(The statements referred to are as follows): The PRESIDENT OF THE SENATE. The SPEAKER OF THE HOUSE OF REPRESENTATIVES.

I am submitting this report pursuant to Section 5 (b) of the Lend-Lease Act of March 11, 1941, which provides that the President report to the Congress every 90 days on the operations under that act.

The Lend-Lease Act was passed by the Congress just 183 days ago. One hundred and sixty-seven days ago, the Congress appropriated 7 billion dollars to carry out our national policy of giving every possible material assistance to the countries resisting aggression,

The effective expenditure of this large sum in furtherance of our announced policy has presented tasks of large proportions. We have surveyed the needs of the countries we are aiding. We have correlated this program of aid with the procurement programs of our own Army and Navy. We have arranged with our industries for the production of the great quantities of material involved.

The War Department, the Navy Department, the Treasury Department, the Agriculture Department, and the Maritime Commission are the agencies principally charged with the actual procurement of the supplies. They are now far along with their task.

1

Over 644 of the 7 billion dollars appropriated have now been allocated, upon the recommendation of these agencies, for specific materials and services. Their procurement machinery has been constantly at work, locating producers and placing contracts. Over 372 billion dollars of legal commitments have already been made. Contracts will soon be placed for the entire 7-billion-dollar appropriation.

Contracts have been placed and work has started on nearly a billion dollars of bombardment aircraft. New ways have been started and work is in progress for about one-half a billion dollars of new merchant shipping. New facilities to speed the production of guns, ammunition, and other defense articles have been started under contracts totaling about $262,000,000. Over $430,000,000 has been allocated, and over $250,000,000 has been obligated, for the purchase of milk, eggs, and other agricultural products.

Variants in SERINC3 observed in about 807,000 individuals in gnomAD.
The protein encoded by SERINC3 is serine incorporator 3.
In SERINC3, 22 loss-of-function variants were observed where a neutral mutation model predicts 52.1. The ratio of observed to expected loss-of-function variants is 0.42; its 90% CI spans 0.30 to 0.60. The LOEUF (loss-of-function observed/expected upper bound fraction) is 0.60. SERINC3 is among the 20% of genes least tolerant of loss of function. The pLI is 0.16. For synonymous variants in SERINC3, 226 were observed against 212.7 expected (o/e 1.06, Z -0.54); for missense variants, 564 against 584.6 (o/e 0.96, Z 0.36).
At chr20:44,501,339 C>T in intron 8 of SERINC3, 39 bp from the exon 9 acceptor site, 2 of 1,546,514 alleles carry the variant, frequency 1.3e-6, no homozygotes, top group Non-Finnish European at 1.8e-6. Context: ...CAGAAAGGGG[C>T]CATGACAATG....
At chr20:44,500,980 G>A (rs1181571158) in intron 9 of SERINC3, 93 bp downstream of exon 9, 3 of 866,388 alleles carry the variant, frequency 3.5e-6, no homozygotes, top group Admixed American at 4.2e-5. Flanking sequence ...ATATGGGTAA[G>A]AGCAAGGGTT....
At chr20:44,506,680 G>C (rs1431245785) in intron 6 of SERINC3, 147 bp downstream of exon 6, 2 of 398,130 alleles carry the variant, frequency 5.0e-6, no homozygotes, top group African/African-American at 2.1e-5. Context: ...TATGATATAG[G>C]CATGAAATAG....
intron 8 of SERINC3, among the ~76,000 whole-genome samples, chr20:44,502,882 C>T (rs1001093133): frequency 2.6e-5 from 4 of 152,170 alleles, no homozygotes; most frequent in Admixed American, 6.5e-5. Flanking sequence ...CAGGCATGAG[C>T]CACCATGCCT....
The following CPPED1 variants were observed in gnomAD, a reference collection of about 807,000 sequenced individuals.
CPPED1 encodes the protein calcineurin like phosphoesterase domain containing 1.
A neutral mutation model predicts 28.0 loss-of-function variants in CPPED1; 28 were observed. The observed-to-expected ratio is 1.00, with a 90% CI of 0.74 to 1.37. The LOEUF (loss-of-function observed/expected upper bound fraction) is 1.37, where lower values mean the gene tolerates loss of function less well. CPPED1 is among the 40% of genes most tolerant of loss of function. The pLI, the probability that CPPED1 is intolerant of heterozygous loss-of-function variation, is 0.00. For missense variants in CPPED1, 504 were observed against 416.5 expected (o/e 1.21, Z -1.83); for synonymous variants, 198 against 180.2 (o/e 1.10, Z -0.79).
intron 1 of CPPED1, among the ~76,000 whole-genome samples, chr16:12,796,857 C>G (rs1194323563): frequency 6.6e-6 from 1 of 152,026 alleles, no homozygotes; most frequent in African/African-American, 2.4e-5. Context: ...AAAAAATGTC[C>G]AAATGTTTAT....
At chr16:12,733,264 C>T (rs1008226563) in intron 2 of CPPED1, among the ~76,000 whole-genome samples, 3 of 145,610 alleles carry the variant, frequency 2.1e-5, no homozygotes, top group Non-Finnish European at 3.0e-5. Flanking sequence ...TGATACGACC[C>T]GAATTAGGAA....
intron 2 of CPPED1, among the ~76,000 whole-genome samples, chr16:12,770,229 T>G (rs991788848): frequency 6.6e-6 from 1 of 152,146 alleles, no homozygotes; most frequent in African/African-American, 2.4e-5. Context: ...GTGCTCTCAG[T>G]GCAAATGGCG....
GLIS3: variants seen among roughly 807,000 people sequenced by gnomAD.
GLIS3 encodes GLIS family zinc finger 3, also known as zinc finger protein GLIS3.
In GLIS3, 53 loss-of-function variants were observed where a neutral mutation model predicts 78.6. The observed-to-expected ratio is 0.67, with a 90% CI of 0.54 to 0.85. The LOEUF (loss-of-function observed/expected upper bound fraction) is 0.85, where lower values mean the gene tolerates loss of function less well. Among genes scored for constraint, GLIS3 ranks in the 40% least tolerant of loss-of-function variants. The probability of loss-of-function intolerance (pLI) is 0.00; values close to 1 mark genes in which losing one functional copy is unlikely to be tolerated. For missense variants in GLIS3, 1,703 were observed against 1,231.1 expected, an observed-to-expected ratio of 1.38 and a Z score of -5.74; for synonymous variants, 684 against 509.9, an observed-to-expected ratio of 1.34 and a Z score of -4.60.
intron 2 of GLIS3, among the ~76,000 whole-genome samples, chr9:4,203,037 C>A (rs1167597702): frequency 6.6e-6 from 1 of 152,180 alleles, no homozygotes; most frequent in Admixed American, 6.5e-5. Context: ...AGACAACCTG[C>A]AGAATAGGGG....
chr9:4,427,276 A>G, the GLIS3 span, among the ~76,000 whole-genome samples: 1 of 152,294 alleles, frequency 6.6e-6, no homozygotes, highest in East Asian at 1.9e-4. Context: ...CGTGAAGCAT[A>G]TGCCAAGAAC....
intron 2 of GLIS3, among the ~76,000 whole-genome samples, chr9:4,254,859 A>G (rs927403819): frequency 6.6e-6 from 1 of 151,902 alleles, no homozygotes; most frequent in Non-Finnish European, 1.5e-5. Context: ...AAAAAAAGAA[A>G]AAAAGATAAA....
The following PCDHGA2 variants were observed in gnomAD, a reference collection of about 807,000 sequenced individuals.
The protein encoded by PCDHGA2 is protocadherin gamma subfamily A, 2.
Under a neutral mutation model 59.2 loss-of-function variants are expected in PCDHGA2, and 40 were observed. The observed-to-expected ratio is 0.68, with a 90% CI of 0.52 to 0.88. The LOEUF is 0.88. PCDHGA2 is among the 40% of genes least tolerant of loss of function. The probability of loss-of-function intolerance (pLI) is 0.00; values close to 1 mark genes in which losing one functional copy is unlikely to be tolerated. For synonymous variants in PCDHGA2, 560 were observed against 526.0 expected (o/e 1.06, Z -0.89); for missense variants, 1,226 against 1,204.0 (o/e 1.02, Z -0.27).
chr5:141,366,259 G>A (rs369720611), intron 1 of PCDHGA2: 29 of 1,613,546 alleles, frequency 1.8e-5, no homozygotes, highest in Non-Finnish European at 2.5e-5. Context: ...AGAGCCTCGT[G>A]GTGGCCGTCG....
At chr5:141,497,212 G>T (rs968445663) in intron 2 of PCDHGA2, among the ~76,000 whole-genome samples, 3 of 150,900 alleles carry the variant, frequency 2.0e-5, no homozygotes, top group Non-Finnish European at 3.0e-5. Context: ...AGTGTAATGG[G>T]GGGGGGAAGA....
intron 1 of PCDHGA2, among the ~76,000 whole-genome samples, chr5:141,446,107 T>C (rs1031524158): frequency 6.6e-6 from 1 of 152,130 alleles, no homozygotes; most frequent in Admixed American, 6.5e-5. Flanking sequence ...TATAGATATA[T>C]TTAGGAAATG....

Daily the aid being rendered is growing. Through the month of August the total dollar value of defense articles transferred and defense services rendered, · plus expenditures for other lend-lease purposes, amounted to $486,721,838.

Food and steel and machinery and guns and planes have been supplied in increasing quantities. Agricultural commodities worth $110,606,550 have been transferred to the countries we are aiding. We have transferred to the United - Kingdom more than 44 million pounds of cheese, more than 54 million pounds of

eggs, more than 89 million pounds of cured pork, more than 110 million pounds of dried beans, and more than 114 million pounds of lard. We have transferred

to them more than 3 million barrels of gasoline and oil. We have sent them many tanks.

Merchant and naval ships and other transportation equipment are being transferred in growing amounts.

A substantial number of cargo ships and tankers have been chartered to the use of those countries whose defense is vital to our own. Our yards are repairing allied merchant ships. We are equipping allied ships to protect them from mines; * and we are arming them, as much as possible, against aircraft, submarines, and raiders.

We have also, by repairing and outfitting their warships, helped the British and allied navies keep clear the vital sea lanes upon which depends continued resistance to Axis piracy. The repair of the battleship Malaya and the aircraft carrier Illustrious are outstanding examples of this naval assistance.